How Ina Garten Perfects Seared Pot Roast

Ina Garten's famous Company Pot Roast is the talk of any dinner table it graces, and this is, in part, due to how she sears the meat before she cooks it slow and low. What's the Barefoot Contessa's not-so-secret technique? According to her recipe, Garten coats her boneless beef chuck roast with flour before searing this hunk of meat. It may seem odd that flour is the magic of this meal, but dredging the roast beforehand is a key step.

The flour is the catalyst for the Maillard reaction which promotes and produces that lovely browning we know and love, all while enhancing the flavor with a caramelized effect. But that's not all the flour does for Garten's pot roast. It also enhances the texture, creating a thin crust when it sizzles in your Dutch oven. The slightly crunchy and crispy element it generates on the exterior complements the soft and tender meat on the interior.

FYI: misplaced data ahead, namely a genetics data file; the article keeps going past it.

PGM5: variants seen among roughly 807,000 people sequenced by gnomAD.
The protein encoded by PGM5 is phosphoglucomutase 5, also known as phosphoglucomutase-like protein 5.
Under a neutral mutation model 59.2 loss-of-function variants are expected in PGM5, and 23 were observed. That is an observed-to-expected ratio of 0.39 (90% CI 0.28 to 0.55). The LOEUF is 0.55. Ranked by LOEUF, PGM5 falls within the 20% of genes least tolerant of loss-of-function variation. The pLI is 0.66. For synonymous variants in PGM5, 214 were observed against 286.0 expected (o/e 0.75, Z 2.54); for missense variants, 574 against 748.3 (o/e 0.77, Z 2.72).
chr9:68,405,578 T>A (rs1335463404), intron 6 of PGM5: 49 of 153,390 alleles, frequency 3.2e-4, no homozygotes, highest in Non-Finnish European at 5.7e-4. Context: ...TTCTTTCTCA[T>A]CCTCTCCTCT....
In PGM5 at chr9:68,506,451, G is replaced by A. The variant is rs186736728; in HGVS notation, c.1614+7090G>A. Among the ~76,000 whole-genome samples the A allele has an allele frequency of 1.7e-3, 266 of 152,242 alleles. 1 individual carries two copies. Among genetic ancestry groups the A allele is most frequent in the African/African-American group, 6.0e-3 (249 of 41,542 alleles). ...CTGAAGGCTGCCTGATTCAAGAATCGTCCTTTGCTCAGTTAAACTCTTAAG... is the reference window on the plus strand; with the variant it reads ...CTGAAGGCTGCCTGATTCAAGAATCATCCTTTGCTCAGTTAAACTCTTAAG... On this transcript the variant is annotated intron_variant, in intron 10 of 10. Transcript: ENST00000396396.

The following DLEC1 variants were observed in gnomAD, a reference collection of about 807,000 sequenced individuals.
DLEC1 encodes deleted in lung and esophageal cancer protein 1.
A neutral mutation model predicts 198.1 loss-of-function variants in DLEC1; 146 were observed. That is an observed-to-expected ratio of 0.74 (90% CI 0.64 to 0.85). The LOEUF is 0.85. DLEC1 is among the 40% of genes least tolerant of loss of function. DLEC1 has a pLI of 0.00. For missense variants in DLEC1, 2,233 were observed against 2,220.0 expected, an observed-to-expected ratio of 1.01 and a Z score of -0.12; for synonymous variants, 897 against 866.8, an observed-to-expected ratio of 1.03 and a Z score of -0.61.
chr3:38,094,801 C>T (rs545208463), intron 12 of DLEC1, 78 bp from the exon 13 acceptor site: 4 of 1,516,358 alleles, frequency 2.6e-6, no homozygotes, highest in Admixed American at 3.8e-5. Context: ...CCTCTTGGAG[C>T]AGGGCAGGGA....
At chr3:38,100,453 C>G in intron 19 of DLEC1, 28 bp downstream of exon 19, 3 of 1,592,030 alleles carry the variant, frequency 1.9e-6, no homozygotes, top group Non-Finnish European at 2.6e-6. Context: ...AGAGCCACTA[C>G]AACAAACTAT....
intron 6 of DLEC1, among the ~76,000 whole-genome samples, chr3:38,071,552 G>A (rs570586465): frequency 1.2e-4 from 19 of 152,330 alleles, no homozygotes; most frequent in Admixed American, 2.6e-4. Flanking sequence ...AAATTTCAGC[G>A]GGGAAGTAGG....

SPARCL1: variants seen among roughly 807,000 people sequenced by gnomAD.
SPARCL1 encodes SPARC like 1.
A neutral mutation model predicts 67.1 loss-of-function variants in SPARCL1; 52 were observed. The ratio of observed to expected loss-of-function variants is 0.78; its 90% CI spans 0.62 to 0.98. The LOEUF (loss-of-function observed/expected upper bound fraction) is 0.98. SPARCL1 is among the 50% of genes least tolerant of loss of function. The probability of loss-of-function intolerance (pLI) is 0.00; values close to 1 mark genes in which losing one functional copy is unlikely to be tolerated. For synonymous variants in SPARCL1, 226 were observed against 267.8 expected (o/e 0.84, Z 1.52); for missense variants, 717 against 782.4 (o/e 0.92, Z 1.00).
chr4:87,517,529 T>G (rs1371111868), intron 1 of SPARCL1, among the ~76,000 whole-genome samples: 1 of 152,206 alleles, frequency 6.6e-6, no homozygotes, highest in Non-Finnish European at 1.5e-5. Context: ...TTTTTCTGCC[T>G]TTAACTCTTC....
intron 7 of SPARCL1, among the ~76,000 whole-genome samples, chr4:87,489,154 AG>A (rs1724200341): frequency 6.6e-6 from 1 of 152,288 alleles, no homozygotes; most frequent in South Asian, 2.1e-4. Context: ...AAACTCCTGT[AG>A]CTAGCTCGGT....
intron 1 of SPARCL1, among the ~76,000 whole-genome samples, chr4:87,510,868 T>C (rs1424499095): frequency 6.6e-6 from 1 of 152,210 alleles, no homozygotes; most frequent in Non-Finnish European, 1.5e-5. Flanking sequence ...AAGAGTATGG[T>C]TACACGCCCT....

Dredging your pot roast also helps to thicken the sauce

As Garten explains, her use of flour to brown her roast has other added benefits. It also helps to create all the makings for a thick pan sauce. This is because when you sear the roast, all those bits of flavorful drippings form. The flour soaks up the fat and juices from the meat and thickens, creating a smooth, savory, and tasty sauce.

However, there are even more delicious outcomes as a result of rolling your roast around in flour before you cook it that go beyond a beautiful sear and thicker sauce. Flour helps salt and pepper adhere to the surface of your roast to enhance its overall flavor. It can also help lock in some of those juices, which, in turn, leaves you with a more succulent, moister pot roast. Flour also helps to make clean-up a little easier by forming a barrier between the pot and the meat, staving off any sticky messes.